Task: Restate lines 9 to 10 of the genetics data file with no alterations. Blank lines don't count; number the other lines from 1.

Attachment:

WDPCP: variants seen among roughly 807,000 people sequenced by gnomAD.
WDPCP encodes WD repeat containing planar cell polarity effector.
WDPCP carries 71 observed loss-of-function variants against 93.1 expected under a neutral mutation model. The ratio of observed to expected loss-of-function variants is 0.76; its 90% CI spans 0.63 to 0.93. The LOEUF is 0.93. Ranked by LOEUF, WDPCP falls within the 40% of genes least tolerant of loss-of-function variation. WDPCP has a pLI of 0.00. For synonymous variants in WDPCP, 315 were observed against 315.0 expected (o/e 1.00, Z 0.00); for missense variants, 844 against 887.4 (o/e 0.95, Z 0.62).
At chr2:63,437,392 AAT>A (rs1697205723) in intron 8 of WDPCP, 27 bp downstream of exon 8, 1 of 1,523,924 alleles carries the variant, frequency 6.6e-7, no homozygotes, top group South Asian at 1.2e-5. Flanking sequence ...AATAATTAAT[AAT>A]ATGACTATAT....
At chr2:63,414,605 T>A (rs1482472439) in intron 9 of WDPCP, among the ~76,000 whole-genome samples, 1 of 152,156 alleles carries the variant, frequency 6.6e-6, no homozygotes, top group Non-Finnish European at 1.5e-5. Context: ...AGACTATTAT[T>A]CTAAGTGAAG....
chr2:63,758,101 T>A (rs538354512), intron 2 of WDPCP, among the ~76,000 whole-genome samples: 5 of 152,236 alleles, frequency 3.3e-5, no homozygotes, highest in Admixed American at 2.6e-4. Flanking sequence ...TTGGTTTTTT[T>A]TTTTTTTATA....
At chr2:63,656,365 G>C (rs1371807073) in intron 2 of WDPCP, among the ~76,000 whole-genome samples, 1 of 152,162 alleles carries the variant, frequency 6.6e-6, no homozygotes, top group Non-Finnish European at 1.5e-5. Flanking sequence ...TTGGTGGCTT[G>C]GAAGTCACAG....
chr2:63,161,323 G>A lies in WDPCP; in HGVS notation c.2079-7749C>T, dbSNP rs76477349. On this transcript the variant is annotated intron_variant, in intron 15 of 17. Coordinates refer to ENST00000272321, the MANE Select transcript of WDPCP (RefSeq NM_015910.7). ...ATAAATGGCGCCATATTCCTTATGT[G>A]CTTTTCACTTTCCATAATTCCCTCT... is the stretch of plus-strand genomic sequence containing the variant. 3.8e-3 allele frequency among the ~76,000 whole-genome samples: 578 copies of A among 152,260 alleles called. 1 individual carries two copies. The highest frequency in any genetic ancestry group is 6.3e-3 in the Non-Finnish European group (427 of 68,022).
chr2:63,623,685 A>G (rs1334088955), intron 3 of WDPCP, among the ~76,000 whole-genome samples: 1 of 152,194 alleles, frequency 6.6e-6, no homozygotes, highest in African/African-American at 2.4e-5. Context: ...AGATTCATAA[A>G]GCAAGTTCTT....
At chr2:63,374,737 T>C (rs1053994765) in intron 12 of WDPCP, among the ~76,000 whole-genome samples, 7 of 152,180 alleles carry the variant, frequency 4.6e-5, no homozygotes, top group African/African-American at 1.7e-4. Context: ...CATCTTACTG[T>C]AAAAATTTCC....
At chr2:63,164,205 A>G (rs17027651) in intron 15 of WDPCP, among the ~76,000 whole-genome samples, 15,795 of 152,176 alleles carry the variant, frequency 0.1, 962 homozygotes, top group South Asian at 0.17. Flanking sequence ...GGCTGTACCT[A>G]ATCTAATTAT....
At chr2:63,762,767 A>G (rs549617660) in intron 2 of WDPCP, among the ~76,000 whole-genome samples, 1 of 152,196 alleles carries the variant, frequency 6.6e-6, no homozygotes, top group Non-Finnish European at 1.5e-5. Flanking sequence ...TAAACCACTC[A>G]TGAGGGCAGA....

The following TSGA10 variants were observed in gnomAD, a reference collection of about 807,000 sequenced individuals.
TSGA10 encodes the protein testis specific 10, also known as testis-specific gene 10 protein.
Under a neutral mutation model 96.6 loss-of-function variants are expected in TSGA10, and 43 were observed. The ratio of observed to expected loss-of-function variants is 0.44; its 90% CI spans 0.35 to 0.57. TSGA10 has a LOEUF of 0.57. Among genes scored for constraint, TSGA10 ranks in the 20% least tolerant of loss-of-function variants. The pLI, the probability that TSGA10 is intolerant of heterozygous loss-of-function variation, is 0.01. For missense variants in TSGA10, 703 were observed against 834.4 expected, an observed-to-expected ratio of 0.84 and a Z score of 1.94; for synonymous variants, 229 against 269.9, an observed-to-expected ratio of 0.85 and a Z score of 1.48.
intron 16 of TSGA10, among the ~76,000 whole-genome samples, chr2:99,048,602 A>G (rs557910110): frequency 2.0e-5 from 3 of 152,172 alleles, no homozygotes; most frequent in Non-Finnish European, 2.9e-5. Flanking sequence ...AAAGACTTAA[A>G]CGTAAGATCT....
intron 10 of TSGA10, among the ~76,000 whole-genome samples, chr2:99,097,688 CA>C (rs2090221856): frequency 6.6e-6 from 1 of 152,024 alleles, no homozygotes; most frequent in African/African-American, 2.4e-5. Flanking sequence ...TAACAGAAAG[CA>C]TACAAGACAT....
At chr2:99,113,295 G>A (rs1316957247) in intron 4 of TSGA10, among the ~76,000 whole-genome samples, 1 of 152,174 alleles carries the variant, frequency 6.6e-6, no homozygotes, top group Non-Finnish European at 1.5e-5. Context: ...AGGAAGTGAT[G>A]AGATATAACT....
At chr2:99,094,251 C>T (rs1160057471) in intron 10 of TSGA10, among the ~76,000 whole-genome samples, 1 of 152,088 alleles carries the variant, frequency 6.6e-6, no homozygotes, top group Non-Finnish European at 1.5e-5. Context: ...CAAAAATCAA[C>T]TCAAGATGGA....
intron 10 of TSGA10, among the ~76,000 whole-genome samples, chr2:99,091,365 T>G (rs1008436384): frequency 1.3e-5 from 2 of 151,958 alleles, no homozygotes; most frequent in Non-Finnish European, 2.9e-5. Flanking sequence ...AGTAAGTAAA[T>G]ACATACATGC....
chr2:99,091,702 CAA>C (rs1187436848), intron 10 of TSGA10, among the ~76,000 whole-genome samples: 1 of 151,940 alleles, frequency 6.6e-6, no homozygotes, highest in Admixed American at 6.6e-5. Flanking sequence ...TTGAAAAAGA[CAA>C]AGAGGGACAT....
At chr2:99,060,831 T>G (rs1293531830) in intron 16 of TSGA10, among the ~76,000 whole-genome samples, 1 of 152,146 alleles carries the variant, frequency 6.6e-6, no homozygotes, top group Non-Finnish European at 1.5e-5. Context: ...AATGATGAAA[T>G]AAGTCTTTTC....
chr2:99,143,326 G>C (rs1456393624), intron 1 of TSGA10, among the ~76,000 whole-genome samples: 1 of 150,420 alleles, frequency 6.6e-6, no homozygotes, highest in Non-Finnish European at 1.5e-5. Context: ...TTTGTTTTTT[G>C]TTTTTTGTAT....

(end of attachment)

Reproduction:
chr2:63,623,685 A>G (rs1334088955), intron 3 of WDPCP, among the ~76,000 whole-genome samples: 1 of 152,194 alleles, frequency 6.6e-6, no homozygotes, highest in African/African-American at 2.4e-5. Context: ...AGATTCATAA[A>G]GCAAGTTCTT....
At chr2:63,374,737 T>C (rs1053994765) in intron 12 of WDPCP, among the ~76,000 whole-genome samples, 7 of 152,180 alleles carry the variant, frequency 4.6e-5, no homozygotes, top group African/African-American at 1.7e-4. Context: ...CATCTTACTG[T>C]AAAAATTTCC....